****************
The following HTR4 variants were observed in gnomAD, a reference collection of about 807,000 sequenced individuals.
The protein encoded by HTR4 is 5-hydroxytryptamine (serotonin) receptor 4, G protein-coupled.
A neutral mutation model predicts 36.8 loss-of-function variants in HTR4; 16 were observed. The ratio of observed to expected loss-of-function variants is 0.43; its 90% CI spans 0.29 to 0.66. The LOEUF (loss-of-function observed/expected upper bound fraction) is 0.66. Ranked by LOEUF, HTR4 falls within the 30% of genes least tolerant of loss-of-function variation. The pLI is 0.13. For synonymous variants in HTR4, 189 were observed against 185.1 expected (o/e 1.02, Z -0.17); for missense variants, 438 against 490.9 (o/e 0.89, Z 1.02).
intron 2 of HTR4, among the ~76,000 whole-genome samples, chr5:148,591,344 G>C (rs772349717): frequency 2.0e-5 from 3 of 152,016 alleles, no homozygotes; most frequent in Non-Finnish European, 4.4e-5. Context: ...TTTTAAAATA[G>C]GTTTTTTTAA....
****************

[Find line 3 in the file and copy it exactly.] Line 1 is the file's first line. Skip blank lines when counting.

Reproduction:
A neutral mutation model predicts 36.8 loss-of-function variants in HTR4; 16 were observed. The ratio of observed to expected loss-of-function variants is 0.43; its 90% CI spans 0.29 to 0.66. The LOEUF (loss-of-function observed/expected upper bound fraction) is 0.66. Ranked by LOEUF, HTR4 falls within the 30% of genes least tolerant of loss-of-function variation. The pLI is 0.13. For synonymous variants in HTR4, 189 were observed against 185.1 expected (o/e 1.02, Z -0.17); for missense variants, 438 against 490.9 (o/e 0.89, Z 1.02).